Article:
I like eras. The creation of eras appeals to my sense of organization and orderliness. Yes, the world is a terribly complicated and messy affair, and we have essentially zero control over anything that happens. But by making plans and alphabetizing our CD collections and (yes) creating eras, we might at least foster the illusion, however fleeting, that everything makes sense.
A few years ago, I actually began creating eras for every major-league franchise. I believe I made it through exactly four whole franchises -- the Red Sox, the White Sox, the Yankees, and the Cubs -- before completely losing steam. It was a lot of fun, but also a lot of work and nobody really seemed to give a damn except me. So I stopped. I would like to get back to those some day. Feel free to beg.
Anyway, when it comes to coming up with eras, it's hard to beat the Baseball Hall of Fame.
First they revamped their Veterans Committee process a few years, and came up with these doozies:
I'm not wild about Golden Era because it lends that time (1947-1972) a patina of excellence I'm not sure it deserves. But you know, whatever.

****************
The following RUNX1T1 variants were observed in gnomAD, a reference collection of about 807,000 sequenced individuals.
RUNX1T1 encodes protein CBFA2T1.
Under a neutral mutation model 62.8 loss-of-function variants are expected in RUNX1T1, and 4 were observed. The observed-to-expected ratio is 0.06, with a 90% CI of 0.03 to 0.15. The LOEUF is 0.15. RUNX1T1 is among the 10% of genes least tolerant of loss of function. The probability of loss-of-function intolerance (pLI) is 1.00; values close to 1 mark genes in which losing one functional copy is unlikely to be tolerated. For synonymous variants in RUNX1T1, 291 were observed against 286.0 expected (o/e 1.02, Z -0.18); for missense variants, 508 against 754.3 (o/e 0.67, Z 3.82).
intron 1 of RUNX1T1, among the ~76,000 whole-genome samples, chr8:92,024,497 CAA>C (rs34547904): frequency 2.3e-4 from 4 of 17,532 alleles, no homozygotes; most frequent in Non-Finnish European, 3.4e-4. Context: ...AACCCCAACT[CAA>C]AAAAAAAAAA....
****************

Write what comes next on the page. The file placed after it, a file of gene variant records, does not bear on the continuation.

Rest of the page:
Well, today the Hall of Fame announced another three eras, this time as a way of organizing candidates for the annual Ford Frick Award, which is given to broadcasters. From the official press release:
The three cycles will reflect eras of major transformations in broadcasting and media.
The "High Tide Era" - to be voted on this fall, announced in December at the Winter Meetings and presented during the annual Hall of Fame Awards Presentation in 2014 - will consider candidates whose contributions have come during the regional cable network era, beginning with the mid-1980s through today.
The "Living Room Era" - to be presented at the Hall of Fame Awards Presentation in 2015 - will consider candidates whose most significant years fell during the mid-1950s through the early 1980s, as the game spread through television and into homes across the country.
The "Broadcasting Dawn Era" - to be presented at the Hall of Fame Awards Presentation in 2016 - will consider candidates who contributed to the early days of baseball broadcasting, from its origins through the early-1950s.
Those are really weird, man. I don't know how else to describe them. Just ... really weird. I mean, The Living Room Era? I would love to have been in that meeting. If only to hear the names that didn't make the cut.
Anyway, here are all the details of the new process if you're interested in such things.